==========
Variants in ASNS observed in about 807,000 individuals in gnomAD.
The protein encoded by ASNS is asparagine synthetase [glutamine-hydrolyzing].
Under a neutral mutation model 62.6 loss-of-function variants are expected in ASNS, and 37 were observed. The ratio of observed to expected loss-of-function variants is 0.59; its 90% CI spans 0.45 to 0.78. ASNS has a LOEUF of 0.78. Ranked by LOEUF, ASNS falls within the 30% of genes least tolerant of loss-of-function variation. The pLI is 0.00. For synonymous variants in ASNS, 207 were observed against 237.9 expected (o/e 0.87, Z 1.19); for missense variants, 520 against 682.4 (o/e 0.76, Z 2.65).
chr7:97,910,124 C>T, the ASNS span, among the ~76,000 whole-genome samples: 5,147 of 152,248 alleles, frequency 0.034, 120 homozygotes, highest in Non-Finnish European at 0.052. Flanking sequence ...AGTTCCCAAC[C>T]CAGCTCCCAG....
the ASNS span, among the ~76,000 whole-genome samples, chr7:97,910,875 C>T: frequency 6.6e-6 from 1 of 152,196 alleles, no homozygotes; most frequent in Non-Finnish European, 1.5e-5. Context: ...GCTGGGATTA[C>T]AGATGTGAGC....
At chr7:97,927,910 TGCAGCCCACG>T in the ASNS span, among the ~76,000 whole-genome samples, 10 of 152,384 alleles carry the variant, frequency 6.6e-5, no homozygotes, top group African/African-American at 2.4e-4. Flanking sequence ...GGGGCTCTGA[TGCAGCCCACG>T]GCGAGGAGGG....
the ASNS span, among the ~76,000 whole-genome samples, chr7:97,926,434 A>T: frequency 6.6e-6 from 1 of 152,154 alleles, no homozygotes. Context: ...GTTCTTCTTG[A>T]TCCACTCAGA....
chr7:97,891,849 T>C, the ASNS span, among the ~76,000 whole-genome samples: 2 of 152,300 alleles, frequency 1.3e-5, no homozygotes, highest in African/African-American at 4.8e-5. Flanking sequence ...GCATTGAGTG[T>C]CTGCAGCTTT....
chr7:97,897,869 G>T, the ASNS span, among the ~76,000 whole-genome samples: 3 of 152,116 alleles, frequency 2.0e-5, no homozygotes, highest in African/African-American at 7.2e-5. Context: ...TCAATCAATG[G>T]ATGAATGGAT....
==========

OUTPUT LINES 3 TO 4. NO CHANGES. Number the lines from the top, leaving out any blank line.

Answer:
Under a neutral mutation model 62.6 loss-of-function variants are expected in ASNS, and 37 were observed. The ratio of observed to expected loss-of-function variants is 0.59; its 90% CI spans 0.45 to 0.78. ASNS has a LOEUF of 0.78. Ranked by LOEUF, ASNS falls within the 30% of genes least tolerant of loss-of-function variation. The pLI is 0.00. For synonymous variants in ASNS, 207 were observed against 237.9 expected (o/e 0.87, Z 1.19); for missense variants, 520 against 682.4 (o/e 0.76, Z 2.65).
chr7:97,910,124 C>T, the ASNS span, among the ~76,000 whole-genome samples: 5,147 of 152,248 alleles, frequency 0.034, 120 homozygotes, highest in Non-Finnish European at 0.052. Flanking sequence ...AGTTCCCAAC[C>T]CAGCTCCCAG....